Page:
Chinese authorities’ official statements:
Xi has responded that China has always provided information to the WHO and the world “in a most timely fashion.”
Liu Dengfeng, deputy-director of China’s National Health Commission (NHC), has said in response to criticism: “China has always been open on sharing the novel coronavirus strains with the whole world and will carry on being open. Chinese officials have also stated that China shared the genome sequence of the virus under the WHO framework to help develop a vaccine and medicine quickly. After the scientific research on the virus started, the NHC issued guidelines on Jan. 3 to regulate how labs should treat the SARS-CoV-2 and total destruction is only one of the measures.”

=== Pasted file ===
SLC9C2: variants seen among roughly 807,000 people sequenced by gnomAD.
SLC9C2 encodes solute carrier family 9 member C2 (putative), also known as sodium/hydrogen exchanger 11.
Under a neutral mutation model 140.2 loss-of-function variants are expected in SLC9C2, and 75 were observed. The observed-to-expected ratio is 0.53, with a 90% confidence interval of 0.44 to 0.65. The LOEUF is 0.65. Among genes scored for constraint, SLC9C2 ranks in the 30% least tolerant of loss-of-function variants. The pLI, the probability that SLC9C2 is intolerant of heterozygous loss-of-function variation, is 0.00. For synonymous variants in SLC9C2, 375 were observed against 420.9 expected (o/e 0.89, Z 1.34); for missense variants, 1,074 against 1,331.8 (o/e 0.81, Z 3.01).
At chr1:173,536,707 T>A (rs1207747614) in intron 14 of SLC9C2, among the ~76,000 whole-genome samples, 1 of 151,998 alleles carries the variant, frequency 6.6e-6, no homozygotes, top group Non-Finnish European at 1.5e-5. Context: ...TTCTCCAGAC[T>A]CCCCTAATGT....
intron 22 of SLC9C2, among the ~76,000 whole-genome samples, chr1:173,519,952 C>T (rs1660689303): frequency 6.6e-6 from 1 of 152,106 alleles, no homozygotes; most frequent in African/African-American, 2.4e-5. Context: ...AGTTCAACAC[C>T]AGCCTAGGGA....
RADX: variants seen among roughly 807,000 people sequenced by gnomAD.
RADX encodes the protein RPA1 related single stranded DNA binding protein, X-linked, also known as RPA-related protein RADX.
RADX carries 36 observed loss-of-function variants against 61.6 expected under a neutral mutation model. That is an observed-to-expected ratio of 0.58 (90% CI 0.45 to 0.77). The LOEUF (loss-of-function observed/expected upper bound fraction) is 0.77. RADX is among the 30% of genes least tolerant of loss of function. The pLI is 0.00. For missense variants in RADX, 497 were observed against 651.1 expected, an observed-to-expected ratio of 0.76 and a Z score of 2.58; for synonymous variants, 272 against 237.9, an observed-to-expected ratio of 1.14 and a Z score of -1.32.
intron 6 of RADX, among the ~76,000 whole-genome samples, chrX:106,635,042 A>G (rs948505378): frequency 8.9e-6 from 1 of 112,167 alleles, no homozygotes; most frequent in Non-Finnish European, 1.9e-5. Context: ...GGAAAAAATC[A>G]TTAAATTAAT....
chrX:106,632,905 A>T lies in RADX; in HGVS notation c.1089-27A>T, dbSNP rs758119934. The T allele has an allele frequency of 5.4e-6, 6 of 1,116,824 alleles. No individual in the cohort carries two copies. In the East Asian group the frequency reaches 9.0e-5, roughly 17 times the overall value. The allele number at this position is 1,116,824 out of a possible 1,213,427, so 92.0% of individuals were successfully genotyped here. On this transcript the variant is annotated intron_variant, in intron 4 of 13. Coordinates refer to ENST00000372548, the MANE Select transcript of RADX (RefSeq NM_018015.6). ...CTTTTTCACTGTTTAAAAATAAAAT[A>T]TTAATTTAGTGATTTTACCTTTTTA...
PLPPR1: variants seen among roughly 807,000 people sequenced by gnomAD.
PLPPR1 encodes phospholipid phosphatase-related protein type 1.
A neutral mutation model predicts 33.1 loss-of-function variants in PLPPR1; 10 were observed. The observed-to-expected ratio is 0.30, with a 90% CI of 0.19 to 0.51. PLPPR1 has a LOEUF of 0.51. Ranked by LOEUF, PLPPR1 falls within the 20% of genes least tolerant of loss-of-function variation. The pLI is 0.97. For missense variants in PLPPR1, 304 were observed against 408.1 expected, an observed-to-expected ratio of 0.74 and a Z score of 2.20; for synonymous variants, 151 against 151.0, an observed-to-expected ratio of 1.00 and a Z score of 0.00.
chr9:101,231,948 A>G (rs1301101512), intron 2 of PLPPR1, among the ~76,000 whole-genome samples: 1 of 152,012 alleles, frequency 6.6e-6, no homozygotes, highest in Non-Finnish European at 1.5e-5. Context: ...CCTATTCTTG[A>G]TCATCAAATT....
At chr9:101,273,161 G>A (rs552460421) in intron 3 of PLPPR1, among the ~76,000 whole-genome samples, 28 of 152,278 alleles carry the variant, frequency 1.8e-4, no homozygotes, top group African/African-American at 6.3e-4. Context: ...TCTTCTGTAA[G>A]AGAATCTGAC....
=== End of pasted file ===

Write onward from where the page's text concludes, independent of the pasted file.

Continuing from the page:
China has also said it is false that it hid the “people-to-people infection” truth for a week before telling the world. Commission Deputy Director Zeng Yixin said “‘People-to-people infection’ is a street term, not a scientific one. The more precise term would be the ability of the virus to spread among people. In mid-January, we were still trying to learn how fast the virus can spread. It’s not until Jan. 19 that we confirmed that the novel coronavirus is dangerous. We did it as fast as we could.”

2. China and shortages of COVID-19-related medical supplies and equipment

Global media: